Now that we have discussed the well-known physical health recommendations, let’s get into the more overlooked aspect of the pandemic’s future: mental health. The pandemic has seen a large spike in mental health issues, especially among the youth. According to Mental Health America, the number of youth experiencing at least one major depressive episode in 2020 increased by 99,000 from that of 2019. This was likely due to a series of city, state, and nationwide-level lockdowns, where it became apparent that many were experiencing similar, and rather unfortunate conditions in isolation. This encouraged unity among many, and brought attention to the struggles of life during a pandemic and the global yearn for normalcy. However, as the pandemic ends, it is essential that we do not ignore mental health on the account that we are returning to “normalcy.” Just as mental health worsened as we transitioned into the pandemic, it could very well face similar effects as we transition back. As we return to school, you may notice yourself feeling unfamiliar or fatigued from being in crowds, commuting, and meeting new people, assignments, and tests.
During the pandemic, many of us missed out on the social experiences of school, such as talking to friends, and making conversation with people. A large part of this was online, such as with the chat, camera, mute features, and social media, which gave students more flexibility over what and how they wanted to communicate, beneficial for those who would usually avoid confrontation in-person. Additionally, according to a survey conducted by WebMD, detailing how parents felt about the pandemic’s effects on their teen’s mental health, over half of the parents reported that their children utilized social media and texting over in-person interaction. With communication being predominantly online in the past year, as many start returning to school, some of us might feel left out from friend groups that had been meeting up in the past year, while we were staying home (Jax Therapy Network). This is completely normal, especially if you have not been in contact with your friends, and it should resolve over time as you spend more time with them.
With back-to-school, whether online or in-person, comes new teachers, assignments, and tests that we will need to get used to. Think of adjusting to a new class like creating a new habit. Depending on the kind of class, difficulty level, classmates, teacher(s), and a multitude of other factors, a class can take anywhere from a couple days to an entire semester to adjust to. With the time to adjust, you will still have a lot of work, which may cause things to feel overwhelming. Especially if you're having trouble in classes with more difficult material, make sure you are utilizing all of your resources: communicating with your teachers and classmates and studying class materials. In summary, if you are not aware of how your class works and you are not attempting to utilize what it provides, you will not be able to adjust to it.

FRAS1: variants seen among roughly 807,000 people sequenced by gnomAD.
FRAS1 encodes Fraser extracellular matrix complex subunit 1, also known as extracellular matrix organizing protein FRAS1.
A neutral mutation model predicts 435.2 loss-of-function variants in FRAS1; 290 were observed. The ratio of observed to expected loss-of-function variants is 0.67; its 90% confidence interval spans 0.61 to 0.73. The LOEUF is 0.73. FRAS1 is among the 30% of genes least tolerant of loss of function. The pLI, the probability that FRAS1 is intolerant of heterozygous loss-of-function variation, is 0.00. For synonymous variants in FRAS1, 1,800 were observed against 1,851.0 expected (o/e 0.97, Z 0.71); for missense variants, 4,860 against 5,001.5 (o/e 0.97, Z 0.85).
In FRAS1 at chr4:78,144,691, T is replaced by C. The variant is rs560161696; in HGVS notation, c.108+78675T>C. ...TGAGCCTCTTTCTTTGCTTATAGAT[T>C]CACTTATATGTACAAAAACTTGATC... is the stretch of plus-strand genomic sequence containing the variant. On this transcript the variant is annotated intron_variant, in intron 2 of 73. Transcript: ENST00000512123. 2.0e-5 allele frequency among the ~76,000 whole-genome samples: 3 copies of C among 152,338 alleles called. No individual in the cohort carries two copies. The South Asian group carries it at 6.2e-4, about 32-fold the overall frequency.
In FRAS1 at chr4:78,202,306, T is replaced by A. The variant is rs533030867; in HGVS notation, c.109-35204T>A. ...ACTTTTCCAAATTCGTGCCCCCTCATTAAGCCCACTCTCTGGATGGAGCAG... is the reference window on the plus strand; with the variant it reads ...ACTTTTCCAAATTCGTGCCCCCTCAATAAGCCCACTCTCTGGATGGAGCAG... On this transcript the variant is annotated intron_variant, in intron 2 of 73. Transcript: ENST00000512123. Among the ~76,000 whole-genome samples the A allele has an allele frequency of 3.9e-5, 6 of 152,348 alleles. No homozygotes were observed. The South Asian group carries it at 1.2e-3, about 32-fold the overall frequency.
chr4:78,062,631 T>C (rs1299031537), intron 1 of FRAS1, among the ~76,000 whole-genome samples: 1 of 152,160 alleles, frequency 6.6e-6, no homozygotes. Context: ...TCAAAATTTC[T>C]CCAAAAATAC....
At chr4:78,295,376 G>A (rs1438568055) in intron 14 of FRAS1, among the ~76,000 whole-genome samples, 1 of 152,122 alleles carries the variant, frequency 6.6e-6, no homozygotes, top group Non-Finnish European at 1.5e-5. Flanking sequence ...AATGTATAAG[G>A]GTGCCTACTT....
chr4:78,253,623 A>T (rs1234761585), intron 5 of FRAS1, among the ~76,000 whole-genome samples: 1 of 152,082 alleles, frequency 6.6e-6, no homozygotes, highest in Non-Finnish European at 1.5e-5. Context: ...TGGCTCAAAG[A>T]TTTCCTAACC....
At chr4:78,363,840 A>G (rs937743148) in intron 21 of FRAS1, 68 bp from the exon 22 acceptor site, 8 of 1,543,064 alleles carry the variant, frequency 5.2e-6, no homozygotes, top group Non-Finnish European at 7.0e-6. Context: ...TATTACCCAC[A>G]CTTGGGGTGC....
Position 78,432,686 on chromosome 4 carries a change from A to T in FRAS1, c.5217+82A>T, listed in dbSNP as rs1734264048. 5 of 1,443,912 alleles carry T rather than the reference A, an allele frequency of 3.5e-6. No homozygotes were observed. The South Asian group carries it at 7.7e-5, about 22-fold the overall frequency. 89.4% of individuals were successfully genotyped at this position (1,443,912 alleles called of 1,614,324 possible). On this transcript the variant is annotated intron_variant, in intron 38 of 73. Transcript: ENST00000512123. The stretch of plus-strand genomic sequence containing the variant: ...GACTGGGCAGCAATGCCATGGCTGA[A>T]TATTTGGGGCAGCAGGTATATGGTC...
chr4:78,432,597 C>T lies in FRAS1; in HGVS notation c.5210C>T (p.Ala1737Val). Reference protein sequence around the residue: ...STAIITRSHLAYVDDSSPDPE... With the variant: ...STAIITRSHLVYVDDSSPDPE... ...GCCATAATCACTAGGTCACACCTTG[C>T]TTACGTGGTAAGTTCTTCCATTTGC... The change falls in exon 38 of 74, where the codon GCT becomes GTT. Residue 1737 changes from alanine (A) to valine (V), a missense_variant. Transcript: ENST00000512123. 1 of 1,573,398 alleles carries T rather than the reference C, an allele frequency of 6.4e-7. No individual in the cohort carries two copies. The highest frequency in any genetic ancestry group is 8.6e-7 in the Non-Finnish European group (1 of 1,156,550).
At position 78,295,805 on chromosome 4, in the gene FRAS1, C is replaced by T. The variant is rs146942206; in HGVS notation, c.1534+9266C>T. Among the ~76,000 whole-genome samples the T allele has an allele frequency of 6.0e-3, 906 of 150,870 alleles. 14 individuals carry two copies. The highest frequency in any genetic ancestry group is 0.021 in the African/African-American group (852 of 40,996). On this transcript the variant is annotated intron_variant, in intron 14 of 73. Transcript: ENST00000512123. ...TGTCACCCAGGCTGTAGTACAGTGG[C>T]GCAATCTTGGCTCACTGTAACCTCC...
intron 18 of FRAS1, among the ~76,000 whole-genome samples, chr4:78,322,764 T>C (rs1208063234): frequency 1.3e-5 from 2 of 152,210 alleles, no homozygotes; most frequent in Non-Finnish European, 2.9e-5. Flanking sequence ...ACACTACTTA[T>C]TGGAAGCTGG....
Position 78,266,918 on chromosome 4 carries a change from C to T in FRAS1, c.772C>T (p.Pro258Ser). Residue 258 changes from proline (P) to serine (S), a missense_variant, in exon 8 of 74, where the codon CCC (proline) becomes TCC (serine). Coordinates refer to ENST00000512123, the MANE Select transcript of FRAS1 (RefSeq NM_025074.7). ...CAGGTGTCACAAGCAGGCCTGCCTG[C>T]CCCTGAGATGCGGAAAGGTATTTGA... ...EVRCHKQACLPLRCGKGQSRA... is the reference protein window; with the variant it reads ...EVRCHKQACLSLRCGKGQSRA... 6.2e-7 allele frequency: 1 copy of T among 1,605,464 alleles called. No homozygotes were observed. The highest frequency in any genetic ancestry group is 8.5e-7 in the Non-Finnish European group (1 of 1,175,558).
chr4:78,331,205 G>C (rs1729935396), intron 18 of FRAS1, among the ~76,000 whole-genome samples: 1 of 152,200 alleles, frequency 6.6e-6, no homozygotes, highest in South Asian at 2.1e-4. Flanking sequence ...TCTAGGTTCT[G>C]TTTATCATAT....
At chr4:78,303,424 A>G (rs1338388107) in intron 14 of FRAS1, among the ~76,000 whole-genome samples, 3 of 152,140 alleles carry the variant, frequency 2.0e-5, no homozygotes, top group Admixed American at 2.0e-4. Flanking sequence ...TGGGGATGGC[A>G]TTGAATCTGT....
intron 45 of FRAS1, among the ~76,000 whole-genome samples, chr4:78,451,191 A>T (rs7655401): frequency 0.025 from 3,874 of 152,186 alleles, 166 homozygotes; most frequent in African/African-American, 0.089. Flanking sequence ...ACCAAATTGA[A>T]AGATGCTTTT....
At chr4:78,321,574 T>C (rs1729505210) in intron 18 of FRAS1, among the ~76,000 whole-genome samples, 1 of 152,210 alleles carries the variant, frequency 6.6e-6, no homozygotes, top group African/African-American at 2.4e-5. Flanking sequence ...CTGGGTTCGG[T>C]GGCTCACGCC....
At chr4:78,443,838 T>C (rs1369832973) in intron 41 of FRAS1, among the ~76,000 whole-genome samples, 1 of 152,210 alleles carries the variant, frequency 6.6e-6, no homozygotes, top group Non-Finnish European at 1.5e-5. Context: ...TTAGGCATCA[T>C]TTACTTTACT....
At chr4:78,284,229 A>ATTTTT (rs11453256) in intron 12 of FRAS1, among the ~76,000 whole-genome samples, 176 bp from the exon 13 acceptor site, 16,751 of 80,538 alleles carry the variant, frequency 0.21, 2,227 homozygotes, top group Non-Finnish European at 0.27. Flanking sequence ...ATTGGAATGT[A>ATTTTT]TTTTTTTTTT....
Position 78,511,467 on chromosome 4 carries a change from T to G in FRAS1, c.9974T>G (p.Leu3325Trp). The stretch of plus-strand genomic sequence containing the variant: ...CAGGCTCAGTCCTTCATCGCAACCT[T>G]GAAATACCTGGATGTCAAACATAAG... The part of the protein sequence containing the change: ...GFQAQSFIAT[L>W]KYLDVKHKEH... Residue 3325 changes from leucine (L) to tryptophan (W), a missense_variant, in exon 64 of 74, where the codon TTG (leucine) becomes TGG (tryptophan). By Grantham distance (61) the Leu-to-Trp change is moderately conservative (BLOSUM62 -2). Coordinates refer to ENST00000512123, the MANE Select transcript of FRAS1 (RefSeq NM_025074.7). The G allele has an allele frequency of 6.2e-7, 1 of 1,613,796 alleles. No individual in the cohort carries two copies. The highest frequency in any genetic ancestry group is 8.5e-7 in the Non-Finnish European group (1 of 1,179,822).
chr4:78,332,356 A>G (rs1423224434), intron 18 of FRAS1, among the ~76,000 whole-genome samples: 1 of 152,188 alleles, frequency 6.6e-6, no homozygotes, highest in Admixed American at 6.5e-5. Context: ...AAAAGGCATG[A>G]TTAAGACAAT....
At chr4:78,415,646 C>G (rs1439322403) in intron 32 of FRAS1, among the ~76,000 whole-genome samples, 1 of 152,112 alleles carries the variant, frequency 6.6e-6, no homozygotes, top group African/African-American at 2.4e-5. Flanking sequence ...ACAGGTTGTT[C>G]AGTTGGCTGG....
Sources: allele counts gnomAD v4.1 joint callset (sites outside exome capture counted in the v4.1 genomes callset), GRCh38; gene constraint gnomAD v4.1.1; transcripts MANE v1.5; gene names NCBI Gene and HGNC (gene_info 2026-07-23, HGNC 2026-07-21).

Unlike the pandemic, in-person school will require commuting time to be considered. This means that you might not be able to wake up five minutes before class, or finish an assignment exactly two minutes before the deadline. For example, when school starts in-person, you may need to set aside time to get ready and commute to school and other activities. Because of this, you may need to get up earlier, and therefore sleep earlier. When you might have been able to procrastinate until 10 p.m. before starting your homework during the pandemic, you may not have as much leeway as you return in-person, so it is best to be proactive in finding ways to avoid wasting time. According to the Harvard Business Review, based on research by Tim Pychyl, the best ways to overcome procrastination are to identify the triggers of procrastinating, shorten focus intervals, make an initial attempt at your work, understand the consequences of procrastination, and disconnect from distractions.
While this article is addressed to those who are returning to school, it is important to address those who will not be. Whether it is due to the state of your city/state/country or pre-existing health conditions, the pandemic is still in effect everywhere, but in different stages for some than it is for others. For those of us who will be returning to school, these tips are meant to advise on the physical and mental challenges to come and how to deal with them. For those of us who will be continuing online for the next year, regard this article with hope, and continue to follow the general tips that apply to any form of school. Wherever you are in the world, remember that normalcy is on its way, even if it seems far away.